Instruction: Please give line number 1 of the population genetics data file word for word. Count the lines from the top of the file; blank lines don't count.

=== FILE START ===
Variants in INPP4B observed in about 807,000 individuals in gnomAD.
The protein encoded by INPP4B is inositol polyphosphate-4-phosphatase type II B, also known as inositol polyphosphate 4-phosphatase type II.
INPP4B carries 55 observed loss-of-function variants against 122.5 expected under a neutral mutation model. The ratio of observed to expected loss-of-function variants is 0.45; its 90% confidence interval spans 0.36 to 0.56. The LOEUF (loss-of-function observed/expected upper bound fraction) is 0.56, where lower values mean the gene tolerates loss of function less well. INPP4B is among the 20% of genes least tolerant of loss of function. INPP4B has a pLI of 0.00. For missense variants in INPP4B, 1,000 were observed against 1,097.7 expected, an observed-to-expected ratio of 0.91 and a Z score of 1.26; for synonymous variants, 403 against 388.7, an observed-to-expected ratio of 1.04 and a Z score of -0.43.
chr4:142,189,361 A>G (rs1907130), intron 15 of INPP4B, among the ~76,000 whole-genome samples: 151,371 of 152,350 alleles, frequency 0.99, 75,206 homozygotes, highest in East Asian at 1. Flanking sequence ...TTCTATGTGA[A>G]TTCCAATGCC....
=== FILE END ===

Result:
Variants in INPP4B observed in about 807,000 individuals in gnomAD.